Professional fees

     68        52        124        107  

Other expense

     317        251        619        490  
    


  


  


  


Total noninterest expense

     1,918        1,586        3,626        3,108  
    


  


  


  


Income before income taxes

     1,618        1,562        3,208        3,069  

Income taxes

     598        572        1,185        1,123  
    


  


  


  


Net Income

   $ 1,020      $ 990      $ 2,023      $ 1,946  
    


  


  


  


Net Income Attributable to Common Stock

   $ 1,020      $ 988      $ 2,023      $ 1,942  
    


  


  


  


Net income per common share:

                                   

Basic

   $ 1.12      $ 1.04      $ 2.21      $ 2.04  

Diluted

     1.10        1.01        2.17        2.00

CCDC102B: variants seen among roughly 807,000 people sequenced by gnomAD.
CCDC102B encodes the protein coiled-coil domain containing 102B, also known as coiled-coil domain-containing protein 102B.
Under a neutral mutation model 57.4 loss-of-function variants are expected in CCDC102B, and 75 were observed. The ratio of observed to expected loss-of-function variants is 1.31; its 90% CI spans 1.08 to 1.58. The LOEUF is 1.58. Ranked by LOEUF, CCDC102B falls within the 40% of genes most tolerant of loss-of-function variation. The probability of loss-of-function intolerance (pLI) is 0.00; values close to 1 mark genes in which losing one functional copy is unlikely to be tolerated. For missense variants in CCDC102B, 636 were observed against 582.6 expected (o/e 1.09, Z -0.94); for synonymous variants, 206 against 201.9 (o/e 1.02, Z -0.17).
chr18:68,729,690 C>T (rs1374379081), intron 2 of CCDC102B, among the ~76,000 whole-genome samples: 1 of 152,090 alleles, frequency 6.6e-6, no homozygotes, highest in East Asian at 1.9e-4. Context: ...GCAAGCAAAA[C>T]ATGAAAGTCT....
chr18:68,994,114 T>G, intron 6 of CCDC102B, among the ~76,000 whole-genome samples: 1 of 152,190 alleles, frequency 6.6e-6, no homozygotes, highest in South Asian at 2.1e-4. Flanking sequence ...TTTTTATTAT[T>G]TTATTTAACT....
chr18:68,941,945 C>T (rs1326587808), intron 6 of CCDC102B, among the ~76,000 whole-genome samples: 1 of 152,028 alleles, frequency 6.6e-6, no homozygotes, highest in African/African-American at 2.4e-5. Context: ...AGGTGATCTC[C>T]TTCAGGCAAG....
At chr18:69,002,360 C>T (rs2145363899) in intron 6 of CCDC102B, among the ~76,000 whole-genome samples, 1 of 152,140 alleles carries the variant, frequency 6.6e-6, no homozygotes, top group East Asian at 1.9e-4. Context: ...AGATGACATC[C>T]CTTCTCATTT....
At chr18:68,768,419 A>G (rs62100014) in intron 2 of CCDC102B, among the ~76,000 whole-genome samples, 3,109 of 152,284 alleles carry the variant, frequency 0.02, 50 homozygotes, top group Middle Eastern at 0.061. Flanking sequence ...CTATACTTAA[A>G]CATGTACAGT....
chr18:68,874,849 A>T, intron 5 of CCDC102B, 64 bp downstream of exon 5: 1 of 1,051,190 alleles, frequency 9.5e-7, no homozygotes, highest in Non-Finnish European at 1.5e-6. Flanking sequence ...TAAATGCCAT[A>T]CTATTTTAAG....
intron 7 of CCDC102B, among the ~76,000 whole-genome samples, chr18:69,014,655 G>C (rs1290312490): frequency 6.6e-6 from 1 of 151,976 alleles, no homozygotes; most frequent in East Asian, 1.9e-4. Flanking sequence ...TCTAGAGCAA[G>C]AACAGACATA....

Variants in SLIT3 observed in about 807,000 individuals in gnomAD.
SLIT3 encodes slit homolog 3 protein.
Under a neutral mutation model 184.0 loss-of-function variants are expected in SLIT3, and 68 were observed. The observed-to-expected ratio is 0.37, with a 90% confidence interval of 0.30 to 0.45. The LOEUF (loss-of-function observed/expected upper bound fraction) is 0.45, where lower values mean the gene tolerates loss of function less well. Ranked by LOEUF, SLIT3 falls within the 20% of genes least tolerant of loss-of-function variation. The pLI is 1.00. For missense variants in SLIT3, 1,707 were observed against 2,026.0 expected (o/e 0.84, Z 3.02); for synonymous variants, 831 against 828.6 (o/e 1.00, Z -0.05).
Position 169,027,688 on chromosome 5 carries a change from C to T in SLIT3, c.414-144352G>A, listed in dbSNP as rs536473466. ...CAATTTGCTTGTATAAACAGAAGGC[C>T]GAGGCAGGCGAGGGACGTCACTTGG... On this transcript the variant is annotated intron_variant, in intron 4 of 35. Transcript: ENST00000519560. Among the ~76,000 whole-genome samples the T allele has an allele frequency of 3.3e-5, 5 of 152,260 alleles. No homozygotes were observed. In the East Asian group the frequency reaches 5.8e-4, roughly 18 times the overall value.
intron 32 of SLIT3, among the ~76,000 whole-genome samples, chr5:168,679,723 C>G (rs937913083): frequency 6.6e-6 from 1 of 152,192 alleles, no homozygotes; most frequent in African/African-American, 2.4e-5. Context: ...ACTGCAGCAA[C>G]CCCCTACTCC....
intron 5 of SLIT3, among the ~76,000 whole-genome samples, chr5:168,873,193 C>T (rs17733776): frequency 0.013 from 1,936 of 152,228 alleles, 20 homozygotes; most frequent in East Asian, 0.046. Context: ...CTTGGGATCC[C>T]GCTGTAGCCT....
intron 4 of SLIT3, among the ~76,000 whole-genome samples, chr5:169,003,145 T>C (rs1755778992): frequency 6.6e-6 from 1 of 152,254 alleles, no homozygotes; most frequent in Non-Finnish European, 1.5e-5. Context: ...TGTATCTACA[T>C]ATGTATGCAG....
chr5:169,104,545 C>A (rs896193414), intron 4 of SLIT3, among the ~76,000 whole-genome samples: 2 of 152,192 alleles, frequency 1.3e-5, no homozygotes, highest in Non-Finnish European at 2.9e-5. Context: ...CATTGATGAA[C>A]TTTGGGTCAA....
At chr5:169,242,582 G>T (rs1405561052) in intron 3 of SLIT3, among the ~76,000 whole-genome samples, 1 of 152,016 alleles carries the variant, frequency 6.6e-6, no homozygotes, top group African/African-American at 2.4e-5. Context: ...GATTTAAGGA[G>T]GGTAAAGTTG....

Dividends declared per common share

     0.30        0.26        0.59        0.51  

Basic weighted average number of common shares outstanding (in thousands)

     910,921        954,662        915,974        951,177  

Diluted weighted average number of common shares outstanding (in thousands)

     929,386        974,153        932,109        968,717  

 

See Notes to Consolidated Financial Statements.

 

 

1


Table of Contents

WASHINGTON MUTUAL, INC. AND SUBSIDIARIES

 

CONSOLIDATED STATEMENTS OF FINANCIAL CONDITION

(Unaudited)

 

     June 30,
2003


    December 31,
2002


 
     (dollars in millions)  

Assets

                

Cash and cash equivalents

   $ 7,388     $ 7,208  

Federal funds sold and securities purchased under resale agreements

     2,085       2,015  

Available-for-sale securities, total amortized cost of $43,306 and $42,592:

                

Mortgage-backed securities (including assets pledged of $7,433 and $6,570)

     24,875       28,375  

Investment securities (including assets pledged of $15,686 and $10,679)

     20,292       15,597  
    


 


       45,167       43,972  

Loans held for sale

     40,631       33,996  

Loans held in portfolio

     153,866       147,528  

Allowance for loan and lease losses

     (1,680 )     (1,653 )
    


 


Total loans held in portfolio, net of allowance for loan and lease losses